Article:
So in ARKX we have a hot sector and a hot fund manager coming together in an all-powerful interstellar collision. It could lead to a meltdown – everyone getting too excited at the same time – but we think not. We believe that ARKX is the first step for pureplay space companies to be true traditional investments that are well understood and broadly articulated to capital markets, whether institutional or retail. Additionally, we would speculate, ARKX could be a means of gaining indirect exposure to any future SpaceX (SPACE) IPO at something like a reasonable price. Ark’s largest holding among its many ETFs is Tesla Motors (TSLA) and the manager used its open, published research platform to standardize TSLA as an innovation-driven company in the eyes of investors. Ark and TSLA fans – and we count ourselves among them – choose to ignore Musk’s crazy tweet of the day and focus instead on the multi-faceted future potential that TSLA offers believers. We don’t cover TSLA – the sharpest TSLA analyst around Elazar Advisors, and we have nothing to add to their coverage – but like many others, we’ve enjoyed some crazy stock returns in our personal accounts, and Ark can be thanked for at least some of that crazy. As a result, we would expect Musk and Ark’s relationship to be mutually beneficial – we see no reason why SpaceX can’t.

Open, published research is the antithesis of traditional fund management. In the old days – that’s about five years ago, what you did in fund management was to hire very, very, very smart people and pay them a really huge amount of money every year if they could give you a head start on the market. Weeks or months ahead of the market; or, if you trade fast enough, a few seconds ahead of the market. You put these people in a dark basement and never let them go, and most importantly they were required to follow the first rule of fund management research, which is, you don’t talk about your fund management research. funds. Ark does the opposite. He positively vomits opinion into any internet platform you can find. To chase. Search it on Google. Some of their things are even on GitHub. It’s a great decision if you think about it. In public stocks, you’re not trying to find a hidden gem that no one knows about and keep it to yourself. What you’re trying to do is find that gem just a little before others, buy some, and then tell EVERYONE how awesome it is. Whereupon the stock rises, all other things being equal. And assuming your research is at least pretty good and you don’t pick the stinkers too often, it’s a repeatable business model. Companies want their shares in your fund because you talk about it everywhere once you’re there; investors want to be part of your fund, because you’re talking about these companies, so you’re talking about your fund; everything moves up and to the right. Free money!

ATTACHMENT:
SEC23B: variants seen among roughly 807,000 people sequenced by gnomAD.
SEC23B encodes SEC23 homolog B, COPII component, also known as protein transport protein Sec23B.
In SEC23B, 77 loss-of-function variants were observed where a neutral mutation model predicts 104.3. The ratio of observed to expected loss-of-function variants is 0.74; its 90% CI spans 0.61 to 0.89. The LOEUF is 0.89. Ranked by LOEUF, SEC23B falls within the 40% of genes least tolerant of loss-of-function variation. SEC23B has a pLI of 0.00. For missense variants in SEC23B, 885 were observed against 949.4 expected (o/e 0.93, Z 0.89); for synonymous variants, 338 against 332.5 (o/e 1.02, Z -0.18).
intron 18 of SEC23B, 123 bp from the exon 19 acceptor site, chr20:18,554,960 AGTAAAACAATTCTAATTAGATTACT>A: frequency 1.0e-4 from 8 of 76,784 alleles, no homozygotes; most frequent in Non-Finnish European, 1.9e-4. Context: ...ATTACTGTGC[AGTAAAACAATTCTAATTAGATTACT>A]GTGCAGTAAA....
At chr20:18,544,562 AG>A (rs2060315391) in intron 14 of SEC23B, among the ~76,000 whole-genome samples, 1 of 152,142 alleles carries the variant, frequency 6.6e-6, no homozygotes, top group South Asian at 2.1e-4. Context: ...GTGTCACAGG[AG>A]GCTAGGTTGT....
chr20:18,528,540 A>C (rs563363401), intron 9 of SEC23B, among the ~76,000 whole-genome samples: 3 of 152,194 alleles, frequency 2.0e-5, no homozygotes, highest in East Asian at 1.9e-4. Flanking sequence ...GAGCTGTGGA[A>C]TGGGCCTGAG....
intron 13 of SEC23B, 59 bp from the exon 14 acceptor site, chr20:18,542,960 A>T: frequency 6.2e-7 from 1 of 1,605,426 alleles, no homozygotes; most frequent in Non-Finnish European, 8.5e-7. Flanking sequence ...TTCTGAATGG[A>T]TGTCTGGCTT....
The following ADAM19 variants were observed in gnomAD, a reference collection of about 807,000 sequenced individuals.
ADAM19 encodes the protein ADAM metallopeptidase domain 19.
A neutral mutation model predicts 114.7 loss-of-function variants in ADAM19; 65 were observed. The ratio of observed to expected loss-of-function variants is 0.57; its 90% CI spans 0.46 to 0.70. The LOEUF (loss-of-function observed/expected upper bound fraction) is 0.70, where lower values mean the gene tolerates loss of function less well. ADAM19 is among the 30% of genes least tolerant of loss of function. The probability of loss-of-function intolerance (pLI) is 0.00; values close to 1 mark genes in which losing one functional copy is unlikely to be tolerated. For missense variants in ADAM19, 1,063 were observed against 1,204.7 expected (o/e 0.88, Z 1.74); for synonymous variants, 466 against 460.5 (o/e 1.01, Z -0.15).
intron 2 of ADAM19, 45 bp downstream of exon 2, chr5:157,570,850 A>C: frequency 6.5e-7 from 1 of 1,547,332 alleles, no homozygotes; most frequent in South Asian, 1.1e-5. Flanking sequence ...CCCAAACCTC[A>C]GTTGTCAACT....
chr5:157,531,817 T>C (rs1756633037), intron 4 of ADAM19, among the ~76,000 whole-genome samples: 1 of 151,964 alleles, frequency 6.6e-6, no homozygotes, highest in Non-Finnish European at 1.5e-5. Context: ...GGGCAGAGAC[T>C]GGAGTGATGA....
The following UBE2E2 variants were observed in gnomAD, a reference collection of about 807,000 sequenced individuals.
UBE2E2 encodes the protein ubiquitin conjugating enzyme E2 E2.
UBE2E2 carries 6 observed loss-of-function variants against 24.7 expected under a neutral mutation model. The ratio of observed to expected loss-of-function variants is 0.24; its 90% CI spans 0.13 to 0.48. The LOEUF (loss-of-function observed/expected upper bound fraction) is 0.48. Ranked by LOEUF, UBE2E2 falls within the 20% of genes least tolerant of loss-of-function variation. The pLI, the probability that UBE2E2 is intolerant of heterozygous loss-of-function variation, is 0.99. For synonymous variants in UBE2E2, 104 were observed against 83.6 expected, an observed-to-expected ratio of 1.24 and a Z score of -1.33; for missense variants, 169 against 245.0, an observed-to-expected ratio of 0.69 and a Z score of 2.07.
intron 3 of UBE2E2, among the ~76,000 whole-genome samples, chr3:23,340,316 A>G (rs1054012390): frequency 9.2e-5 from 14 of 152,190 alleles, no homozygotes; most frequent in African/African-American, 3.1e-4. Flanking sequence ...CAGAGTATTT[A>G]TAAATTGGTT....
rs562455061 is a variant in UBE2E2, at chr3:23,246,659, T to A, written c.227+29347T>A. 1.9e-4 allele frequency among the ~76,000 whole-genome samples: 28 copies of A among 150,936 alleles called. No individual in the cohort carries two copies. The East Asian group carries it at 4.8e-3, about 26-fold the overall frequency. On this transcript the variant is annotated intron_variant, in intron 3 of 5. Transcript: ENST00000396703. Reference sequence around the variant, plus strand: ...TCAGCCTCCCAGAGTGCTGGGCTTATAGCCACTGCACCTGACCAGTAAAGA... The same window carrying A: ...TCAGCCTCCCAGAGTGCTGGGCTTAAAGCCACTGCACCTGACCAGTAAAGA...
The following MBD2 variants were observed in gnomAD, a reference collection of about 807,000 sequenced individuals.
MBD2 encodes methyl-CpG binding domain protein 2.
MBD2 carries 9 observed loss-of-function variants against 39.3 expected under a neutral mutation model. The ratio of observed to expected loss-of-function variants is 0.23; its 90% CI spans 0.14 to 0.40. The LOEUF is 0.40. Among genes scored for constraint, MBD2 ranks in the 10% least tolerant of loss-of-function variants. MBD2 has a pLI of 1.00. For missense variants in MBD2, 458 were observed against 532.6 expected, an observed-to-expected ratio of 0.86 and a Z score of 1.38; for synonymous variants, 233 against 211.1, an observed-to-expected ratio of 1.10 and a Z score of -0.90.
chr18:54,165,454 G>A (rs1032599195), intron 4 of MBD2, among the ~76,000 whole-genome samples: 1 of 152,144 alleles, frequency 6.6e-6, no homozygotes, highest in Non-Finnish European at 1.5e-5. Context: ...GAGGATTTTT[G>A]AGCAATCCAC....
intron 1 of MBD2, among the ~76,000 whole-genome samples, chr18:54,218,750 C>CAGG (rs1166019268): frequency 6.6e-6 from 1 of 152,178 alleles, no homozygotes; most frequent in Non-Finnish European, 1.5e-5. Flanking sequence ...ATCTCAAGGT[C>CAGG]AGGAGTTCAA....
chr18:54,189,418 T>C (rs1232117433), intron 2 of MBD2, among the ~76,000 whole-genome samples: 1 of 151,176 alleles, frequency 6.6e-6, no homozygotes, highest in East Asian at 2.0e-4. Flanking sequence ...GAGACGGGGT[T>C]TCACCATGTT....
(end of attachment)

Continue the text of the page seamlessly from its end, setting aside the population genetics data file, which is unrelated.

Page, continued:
Now you can see this won’t work forever. It’s too beautiful an economic model and capitalism hates beauty, it persists in the idea of ​​destroying it. Go check out a rainforest these days if you doubt it. So one day, quietly, without anyone noticing at first, the returns of the Ark will stop, slowly but surely the companies will not be so eager to be in their funds, the capital will be reluctant to rush , and the whole vortex will decelerate into a steady old 7% activity per year. (Which, by the way, is still wonderful compared to most other business models). If you’re an Ark fanboi and think this current situation is forever, we’ll talk about it in ten or twenty years and see how it worked out. The biggest risk, the most likely fault line, is that the company will not thrive after its founder Cathie Wood – the real rock star here – retires, which she will at some point. Personality-driven fund managers have an obvious flaw given that personalities have a lifespan.

But to be clear: we think it’s still a long way off. In the personal accounts of our staff, we are long on each ETF Ark, in varying proportions. They all did well, some better than others, but all in place. And we plan to buy a good allocation of ARKX on launch day. We know the space sector as well as anyone and better than anyone – it’s our core business (and one of us has a piece of paper from the International Space University – yes that’s one thing, no, unfortunately it is not in space). Because we think Ark can repeat that TSLA trick with a number of space companies. So we see gains from owning the ARKX fund itself, and we see gains from owning companies in the industry before ARKX buys or before it buys big.

We’ll be covering ARKX in more detail as we learn more. For the moment? We are at Buy. When it is possible to do so.

Cestrian Capital Research, Inc – January 15, 2021.